The paintings of the late George Rodrigue, a favorite of Louisiana’s leaders in Congress, provided the mascot for moderate Democrats in national politics: the Blue Dogs.
Rodrigue has passed on, and in political terms, Blue Dogs are an endangered species too.
The Blue Dogs’ ranks in the House of Representatives thinned last week, as two moderate Democrats announced they would retire before the 2014 elections.
U.S. Rep. Mike McIntyre, D-N.C., won re-election by fewer than 700 votes in 2012 after his district was redrawn by a Republican state Legislature to make it harder on the Democratic incumbent. Earlier, U.S. Rep. Jim Matheson, D-Utah, announced his retirement; his district is thought to be a sure pickup for Republicans this fall.
McIntyre and Matheson were the two most conservative Democrats, according to National Journal’s vote ratings. “Two terms back, the Blue Dogs comprised an influential bloc of 54 members,” the magazine noted, and this year there are only 15. There is not a single white Democrat in the Louisiana delegation, original home of the Blue Dogs.
Some moderate Republicans in Democratic-leaning districts also are retiring. With them and with the Blue Dogs, the decline of swing votes in the House reflects a sharpening of political polarization in the country.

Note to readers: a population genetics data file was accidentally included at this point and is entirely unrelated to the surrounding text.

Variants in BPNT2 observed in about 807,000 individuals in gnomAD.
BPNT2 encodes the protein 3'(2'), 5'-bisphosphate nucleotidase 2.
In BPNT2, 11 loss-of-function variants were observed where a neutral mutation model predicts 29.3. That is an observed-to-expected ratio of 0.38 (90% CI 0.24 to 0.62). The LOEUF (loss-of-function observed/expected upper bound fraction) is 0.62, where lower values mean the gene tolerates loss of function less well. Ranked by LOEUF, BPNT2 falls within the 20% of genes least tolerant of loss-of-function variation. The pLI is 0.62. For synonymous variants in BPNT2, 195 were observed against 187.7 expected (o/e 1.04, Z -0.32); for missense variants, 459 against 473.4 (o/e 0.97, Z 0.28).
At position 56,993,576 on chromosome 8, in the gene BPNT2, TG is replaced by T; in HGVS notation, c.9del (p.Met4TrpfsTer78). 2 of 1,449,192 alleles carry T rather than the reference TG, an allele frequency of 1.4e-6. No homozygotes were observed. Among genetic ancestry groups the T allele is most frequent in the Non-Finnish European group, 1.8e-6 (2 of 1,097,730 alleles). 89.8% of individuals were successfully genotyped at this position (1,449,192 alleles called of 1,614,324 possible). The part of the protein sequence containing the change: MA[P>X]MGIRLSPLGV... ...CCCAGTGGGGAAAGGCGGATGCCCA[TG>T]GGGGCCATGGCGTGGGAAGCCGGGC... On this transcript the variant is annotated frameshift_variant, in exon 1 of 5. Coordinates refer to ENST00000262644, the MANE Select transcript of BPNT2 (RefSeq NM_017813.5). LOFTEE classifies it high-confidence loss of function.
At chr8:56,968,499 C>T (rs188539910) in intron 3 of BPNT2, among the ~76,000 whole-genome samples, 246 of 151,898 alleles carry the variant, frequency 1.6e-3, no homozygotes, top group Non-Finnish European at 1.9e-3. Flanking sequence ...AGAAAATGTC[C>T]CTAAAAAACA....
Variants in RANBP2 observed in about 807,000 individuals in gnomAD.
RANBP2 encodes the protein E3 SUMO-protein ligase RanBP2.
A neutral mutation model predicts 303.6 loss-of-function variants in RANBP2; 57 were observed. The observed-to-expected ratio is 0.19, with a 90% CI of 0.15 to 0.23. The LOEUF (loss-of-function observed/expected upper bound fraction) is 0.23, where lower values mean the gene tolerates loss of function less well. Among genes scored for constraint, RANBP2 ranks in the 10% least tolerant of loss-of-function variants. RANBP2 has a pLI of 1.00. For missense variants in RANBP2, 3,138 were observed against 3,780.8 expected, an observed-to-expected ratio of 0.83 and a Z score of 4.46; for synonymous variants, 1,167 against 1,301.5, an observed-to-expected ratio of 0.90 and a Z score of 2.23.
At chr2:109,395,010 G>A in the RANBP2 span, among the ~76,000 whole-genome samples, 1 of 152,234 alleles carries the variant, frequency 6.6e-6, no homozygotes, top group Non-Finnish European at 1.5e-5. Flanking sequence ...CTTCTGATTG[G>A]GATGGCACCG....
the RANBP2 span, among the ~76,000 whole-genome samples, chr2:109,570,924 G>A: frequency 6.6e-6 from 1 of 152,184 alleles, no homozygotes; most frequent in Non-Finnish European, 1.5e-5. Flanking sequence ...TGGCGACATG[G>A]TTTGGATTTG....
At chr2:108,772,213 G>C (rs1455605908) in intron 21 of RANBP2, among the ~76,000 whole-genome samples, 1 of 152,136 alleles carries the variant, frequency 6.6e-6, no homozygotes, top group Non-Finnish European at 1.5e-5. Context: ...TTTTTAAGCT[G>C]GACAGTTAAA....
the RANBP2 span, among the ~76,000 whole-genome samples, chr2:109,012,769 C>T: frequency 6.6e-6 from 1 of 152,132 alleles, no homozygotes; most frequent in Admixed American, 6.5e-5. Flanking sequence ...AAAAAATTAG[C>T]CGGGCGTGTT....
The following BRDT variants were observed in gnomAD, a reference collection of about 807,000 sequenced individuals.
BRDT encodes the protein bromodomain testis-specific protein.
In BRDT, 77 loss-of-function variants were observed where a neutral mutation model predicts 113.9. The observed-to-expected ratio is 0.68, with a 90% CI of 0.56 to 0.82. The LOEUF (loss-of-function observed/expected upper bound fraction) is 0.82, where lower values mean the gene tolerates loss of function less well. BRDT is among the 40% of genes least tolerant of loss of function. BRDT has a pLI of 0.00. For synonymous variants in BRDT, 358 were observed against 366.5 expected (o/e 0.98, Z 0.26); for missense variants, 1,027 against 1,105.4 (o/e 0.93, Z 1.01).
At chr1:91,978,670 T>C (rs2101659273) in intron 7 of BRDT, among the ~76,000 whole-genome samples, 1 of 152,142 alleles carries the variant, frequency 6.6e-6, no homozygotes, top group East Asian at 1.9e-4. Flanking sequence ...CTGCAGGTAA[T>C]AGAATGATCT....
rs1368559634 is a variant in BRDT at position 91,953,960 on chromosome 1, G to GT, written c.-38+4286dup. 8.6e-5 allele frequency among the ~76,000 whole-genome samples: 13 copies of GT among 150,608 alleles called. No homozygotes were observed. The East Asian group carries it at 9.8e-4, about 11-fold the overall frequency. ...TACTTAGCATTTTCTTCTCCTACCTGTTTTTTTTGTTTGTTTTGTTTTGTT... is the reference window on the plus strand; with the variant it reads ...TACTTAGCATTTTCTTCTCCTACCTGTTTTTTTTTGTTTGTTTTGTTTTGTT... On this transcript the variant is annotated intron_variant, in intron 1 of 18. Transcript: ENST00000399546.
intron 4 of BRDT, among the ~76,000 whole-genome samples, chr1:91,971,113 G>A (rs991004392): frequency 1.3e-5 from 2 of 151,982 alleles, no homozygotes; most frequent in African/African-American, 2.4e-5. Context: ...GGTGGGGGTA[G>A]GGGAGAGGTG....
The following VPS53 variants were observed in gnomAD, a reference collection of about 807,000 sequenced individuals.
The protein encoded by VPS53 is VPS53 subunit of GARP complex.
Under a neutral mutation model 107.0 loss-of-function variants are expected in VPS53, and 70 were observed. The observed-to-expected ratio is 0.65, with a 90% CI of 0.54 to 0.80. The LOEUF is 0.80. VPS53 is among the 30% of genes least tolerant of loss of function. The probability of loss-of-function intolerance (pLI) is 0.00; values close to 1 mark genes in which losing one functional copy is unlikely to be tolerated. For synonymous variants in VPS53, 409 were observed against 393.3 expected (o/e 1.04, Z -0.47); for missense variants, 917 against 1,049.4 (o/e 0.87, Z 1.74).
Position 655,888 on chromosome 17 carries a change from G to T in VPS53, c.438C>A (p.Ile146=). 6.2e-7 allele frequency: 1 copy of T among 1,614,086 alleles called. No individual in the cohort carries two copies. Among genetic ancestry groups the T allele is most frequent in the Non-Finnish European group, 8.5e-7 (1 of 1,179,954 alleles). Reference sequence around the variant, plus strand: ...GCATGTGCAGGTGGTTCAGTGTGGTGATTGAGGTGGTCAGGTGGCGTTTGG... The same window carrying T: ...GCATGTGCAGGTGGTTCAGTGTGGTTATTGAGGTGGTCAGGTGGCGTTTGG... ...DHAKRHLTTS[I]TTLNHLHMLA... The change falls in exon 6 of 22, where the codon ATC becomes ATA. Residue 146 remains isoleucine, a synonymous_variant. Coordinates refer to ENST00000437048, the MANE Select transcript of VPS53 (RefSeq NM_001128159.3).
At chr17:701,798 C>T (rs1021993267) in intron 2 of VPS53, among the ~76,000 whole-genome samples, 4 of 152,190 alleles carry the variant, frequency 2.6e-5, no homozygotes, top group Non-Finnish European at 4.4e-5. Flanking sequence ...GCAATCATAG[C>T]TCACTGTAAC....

But it also represents the continued abuse of redrawing district lines, with computers and elaborate voting data, that is giving the parties the ability to game the political system in the House. Not to mention in state legislatures, as well.
In last month’s talk to the Bureau of Governmental Research, veteran journalist Steve Roberts reminded New Orleans listeners about redistricting. Political abuse of the process is a cause of the thinning of the ranks of conservative southern Democrats and progressive northern Republicans.
“This is a very serious problem, because if you are in a district where you have no fear of ever losing, you have no sense of accountability to your constituents,” Roberts said. “You don’t listen to dissent. You don’t listen to the other side. You only listen to the people who support you.”
We hope one day Louisiana will join more progressive states in adopting nonpartisan redistricting laws like those in Iowa, which draw lines based on rules instead of voting patterns.
It might not bring the Blue Dogs back big time, because voters in general seem to be in a more partisan mood lately. But nonpartisan redistricting would probably make districts more competitive in a number of states.